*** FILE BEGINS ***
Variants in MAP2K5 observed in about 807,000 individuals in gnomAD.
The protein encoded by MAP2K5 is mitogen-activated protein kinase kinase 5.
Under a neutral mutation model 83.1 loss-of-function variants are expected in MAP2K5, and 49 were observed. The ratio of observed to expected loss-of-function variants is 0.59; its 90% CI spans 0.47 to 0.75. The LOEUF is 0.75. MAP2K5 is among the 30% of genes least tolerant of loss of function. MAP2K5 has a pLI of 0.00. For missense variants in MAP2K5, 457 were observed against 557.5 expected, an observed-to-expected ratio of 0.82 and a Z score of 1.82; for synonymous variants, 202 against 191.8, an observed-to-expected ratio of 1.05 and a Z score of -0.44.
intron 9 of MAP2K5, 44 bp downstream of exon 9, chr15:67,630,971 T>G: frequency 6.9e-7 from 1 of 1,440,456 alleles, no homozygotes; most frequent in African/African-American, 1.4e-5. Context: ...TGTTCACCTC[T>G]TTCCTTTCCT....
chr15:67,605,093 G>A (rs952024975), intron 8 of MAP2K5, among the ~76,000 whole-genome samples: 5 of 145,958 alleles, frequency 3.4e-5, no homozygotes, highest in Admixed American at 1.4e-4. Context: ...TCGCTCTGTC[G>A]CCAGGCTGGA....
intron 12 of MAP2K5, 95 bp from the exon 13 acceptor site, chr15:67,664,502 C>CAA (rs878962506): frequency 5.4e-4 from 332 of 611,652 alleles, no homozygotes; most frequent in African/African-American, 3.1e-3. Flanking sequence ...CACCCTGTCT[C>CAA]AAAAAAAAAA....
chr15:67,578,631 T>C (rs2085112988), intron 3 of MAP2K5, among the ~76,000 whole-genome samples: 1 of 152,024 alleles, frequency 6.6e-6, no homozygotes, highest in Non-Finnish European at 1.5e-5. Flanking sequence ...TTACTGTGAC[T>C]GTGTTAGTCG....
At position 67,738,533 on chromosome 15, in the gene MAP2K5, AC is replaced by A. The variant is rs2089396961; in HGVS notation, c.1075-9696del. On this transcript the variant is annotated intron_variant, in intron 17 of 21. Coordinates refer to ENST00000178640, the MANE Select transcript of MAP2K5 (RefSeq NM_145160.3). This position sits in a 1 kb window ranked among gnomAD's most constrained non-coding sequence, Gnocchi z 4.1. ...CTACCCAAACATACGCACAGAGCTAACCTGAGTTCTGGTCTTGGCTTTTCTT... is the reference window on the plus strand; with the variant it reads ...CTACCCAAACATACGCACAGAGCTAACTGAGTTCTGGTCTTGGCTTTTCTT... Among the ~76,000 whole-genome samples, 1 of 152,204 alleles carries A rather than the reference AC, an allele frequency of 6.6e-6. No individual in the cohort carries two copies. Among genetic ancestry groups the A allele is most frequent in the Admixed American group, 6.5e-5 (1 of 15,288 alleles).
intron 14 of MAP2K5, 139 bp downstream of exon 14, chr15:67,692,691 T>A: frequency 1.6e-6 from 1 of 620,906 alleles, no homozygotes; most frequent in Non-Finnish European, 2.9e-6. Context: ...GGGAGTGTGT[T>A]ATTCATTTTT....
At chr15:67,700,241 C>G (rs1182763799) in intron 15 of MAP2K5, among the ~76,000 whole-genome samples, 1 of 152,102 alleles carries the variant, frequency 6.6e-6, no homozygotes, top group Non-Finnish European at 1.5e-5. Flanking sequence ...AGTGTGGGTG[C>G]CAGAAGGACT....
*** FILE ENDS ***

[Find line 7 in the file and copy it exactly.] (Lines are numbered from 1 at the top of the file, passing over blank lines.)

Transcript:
chr15:67,578,631 T>C (rs2085112988), intron 3 of MAP2K5, among the ~76,000 whole-genome samples: 1 of 152,024 alleles, frequency 6.6e-6, no homozygotes, highest in Non-Finnish European at 1.5e-5. Flanking sequence ...TTACTGTGAC[T>C]GTGTTAGTCG....